Easter And The Power Of Karma

By: David Xi-Ken Astor, Sensei

This is Palm Sunday and that means that Easter is almost upon us again. As a Buddhist monk pondering the lessons that can be realized in this Christian day of celebration I once again work to find common ground between what the lives of Siddhartha and Jesus can mean to us living in the 21st century. In the Christian narrative the death and resurrection of Christ should become a more urgent intellectual necessity to all Christians who ponder the challenges of life today if they fully believe that Christianity has yet a message to give to the world. Alongside this Christian imperative is the Buddhist challenge to find vitality and meaning in what the Buddha awakened to over 2500 years ago for us struggling to make sense out of a world in crisis.

When we examine our contemporary Western civilization with a critical eye, it is difficult to call it’s ethical and moral fabric Christian anymore. This is an extraordinary statement perhaps coming from a Buddhist, but it is also admitted by a consensus of opinion of many Christian thinkers as well. Buddhism, however, has yet to significantly influence Western culture in any meaningful manner to place it’s mark on human behavior either. It has been over 2000 years that Jesus left us and it seems that Christian values are still struggling to find fertile ground upon which to nourish the human condition. The reason may be that we have only tried to practice only half of Jesus’ message. While he spoke often about the need for us to connect to our original self as is manifested in the creation process, he also spent most of his time speaking about how we should refine our compassionate actions toward others. I am thinking of the Golden Rule, for example, which states that we should treat our neighbors like ourselves.

The problem seems to be that who or what a neighbor is can still be a vague concept for many of us. There should be no doubt that we need to come to a truer concept of what Jesus means by ‘neighbor’. This is where Buddhist thought can provide a significant contribution in how we can consider the reality of our interdependence and interconnectiveness between self and other. From our Western perspective, we have a curious habit of judging our fellows not from the standpoint of a spiritual life but from a material or capitalistic one. By using this kind of perspective we devalue the poor among us as a kind of social disgrace. Poverty has a tendency to create inhibitors, or walls, between those with social advantages and those without. We find in most Western cultures a conception of the poor which is radically wrong. What lessons of Easter can be discovered that might shed light on how we walk the path that both Jesus and Siddhartha did that can change our own and our cultures’ worldview to promote human flourishing for all, not just the chosen few.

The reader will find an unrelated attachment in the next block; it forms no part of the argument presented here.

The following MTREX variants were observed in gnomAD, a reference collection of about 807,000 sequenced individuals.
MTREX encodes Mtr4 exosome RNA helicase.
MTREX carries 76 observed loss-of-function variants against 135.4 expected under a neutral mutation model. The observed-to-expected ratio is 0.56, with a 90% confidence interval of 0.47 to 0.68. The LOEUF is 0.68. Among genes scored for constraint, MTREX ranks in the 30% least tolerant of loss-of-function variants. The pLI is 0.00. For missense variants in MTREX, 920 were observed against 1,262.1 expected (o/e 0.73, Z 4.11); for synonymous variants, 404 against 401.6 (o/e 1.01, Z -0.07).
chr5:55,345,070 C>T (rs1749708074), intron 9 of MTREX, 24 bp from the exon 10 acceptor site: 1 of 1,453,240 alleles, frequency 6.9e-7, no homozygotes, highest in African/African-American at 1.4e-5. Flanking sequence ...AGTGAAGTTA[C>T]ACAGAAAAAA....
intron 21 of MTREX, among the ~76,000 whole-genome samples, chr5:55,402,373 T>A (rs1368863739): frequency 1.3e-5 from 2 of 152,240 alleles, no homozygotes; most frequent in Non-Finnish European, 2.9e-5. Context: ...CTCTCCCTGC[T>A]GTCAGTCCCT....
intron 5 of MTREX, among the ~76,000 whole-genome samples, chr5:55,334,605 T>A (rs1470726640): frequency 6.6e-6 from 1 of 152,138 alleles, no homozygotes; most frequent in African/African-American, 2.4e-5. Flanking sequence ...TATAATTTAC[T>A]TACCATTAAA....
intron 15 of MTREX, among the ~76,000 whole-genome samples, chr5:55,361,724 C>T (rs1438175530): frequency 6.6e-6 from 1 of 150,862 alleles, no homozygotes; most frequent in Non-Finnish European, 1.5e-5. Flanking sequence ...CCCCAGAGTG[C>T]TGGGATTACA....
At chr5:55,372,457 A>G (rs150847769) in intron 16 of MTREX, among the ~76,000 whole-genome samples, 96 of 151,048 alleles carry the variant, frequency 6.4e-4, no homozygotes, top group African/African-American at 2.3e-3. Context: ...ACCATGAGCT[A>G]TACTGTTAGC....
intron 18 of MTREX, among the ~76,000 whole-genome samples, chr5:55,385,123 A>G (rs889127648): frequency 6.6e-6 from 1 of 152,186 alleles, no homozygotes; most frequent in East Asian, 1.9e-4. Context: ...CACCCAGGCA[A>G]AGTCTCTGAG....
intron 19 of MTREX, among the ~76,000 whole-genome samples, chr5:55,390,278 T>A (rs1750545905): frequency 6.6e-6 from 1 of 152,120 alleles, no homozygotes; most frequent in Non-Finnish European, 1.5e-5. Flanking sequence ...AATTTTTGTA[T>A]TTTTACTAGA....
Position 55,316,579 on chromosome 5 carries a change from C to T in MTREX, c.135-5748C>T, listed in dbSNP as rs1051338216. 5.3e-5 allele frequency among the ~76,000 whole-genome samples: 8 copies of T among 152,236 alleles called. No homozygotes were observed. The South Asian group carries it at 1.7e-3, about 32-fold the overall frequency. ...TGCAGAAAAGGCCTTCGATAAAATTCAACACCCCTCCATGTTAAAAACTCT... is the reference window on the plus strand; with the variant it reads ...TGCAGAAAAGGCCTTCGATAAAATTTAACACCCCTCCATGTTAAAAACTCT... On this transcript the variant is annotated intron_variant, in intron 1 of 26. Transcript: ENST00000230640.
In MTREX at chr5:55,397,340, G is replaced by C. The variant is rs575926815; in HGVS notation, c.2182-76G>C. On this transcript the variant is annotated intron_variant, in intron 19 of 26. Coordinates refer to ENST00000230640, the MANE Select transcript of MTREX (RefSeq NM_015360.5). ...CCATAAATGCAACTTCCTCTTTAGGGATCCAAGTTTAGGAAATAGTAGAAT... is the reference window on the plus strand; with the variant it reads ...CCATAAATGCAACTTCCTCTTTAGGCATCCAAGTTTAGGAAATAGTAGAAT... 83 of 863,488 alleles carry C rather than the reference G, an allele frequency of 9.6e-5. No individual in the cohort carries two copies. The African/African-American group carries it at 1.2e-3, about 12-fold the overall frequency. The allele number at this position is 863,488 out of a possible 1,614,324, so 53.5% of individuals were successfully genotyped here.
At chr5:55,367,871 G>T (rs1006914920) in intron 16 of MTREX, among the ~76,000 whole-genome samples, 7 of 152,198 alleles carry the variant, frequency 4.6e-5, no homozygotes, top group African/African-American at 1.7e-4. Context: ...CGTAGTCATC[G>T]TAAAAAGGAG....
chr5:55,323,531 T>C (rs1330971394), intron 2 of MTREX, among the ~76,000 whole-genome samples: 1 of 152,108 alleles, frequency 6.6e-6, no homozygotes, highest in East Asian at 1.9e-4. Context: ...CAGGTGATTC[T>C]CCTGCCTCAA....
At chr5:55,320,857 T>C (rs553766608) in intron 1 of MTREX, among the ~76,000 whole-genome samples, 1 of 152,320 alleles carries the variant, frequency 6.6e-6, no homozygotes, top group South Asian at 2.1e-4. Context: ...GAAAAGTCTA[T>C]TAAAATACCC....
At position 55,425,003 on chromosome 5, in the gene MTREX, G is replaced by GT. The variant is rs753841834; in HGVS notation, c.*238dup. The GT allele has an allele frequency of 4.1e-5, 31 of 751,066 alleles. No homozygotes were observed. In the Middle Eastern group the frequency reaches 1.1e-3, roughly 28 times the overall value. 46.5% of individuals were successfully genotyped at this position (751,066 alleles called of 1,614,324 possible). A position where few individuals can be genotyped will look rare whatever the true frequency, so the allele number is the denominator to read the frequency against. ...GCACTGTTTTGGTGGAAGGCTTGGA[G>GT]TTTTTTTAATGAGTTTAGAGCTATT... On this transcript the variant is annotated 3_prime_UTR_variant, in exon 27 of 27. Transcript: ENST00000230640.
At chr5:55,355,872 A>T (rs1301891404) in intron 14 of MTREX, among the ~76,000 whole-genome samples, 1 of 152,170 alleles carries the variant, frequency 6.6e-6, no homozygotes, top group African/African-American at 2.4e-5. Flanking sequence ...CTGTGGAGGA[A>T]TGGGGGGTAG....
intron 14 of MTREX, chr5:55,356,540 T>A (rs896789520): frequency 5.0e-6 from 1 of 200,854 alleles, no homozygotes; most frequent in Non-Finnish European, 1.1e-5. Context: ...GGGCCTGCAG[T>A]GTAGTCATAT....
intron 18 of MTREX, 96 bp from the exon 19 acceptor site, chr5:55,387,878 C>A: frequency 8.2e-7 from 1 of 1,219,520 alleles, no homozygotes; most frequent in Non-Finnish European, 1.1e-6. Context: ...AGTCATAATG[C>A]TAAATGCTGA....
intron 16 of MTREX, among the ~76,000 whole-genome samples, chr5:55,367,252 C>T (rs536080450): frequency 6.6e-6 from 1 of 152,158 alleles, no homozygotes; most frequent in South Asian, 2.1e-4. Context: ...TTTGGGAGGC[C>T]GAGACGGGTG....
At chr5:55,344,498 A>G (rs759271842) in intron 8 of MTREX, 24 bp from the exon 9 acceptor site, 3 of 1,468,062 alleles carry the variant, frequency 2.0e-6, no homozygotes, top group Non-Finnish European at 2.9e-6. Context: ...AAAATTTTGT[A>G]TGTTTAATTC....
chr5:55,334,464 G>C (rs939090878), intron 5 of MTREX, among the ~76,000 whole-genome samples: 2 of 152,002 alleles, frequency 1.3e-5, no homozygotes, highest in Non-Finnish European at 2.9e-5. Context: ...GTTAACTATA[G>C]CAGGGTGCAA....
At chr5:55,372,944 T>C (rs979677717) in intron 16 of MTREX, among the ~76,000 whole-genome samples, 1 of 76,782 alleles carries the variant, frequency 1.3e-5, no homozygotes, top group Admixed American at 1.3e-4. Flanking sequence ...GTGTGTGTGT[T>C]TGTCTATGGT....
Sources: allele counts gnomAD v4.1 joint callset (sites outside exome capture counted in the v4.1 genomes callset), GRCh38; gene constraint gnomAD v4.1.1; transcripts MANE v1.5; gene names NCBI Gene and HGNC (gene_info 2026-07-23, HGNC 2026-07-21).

During this time of contemplation of the lesson of Jesus’ transformation, we are called to examine how we practice the spiritual path from the reality of the Jesus-experience. Christians would say “He has arisen”. As a Buddhist I would change that expression to “His has arisen”. His what has arisen you might ask? From a Buddhist point of view the answer is “his karma”. The word ‘arisen’ is to convey something that comes into being, as in effective action, not just the simple act of getting up. The causal-chain of how Jesus lived and taught produced a strong chain of effects that when released by his intentional actions for useful and positive good is projected forward through time. His death did not stop the good that he caused to bring into existence, but his legacy actions resonates throughout time as long as it is encountered and acted on by others. The same is true with the life and death of the Buddha. The dynamic energy of their life and death was so strong that it continues to influence how we can choose to live our life for the nourishment of what is good and pure in all of us, when we use their good works as examples.

There is nothing so adequate in any religion or spiritual practice that can unconditionally drive the reconstruction of a world in crisis alone. It can only be accomplished by individual and community effort. There is nothing in our science, philosophy, or political models to bring about the great change that can equalize the world state of injustice. But with the karmic energy inherent in the legacy teachings and way of life as Jesus and Siddhartha exemplified we can move forward with a renewed sense of purpose when we awaken to the arising wisdom driven forward on the wave of their own karma that is with us still.

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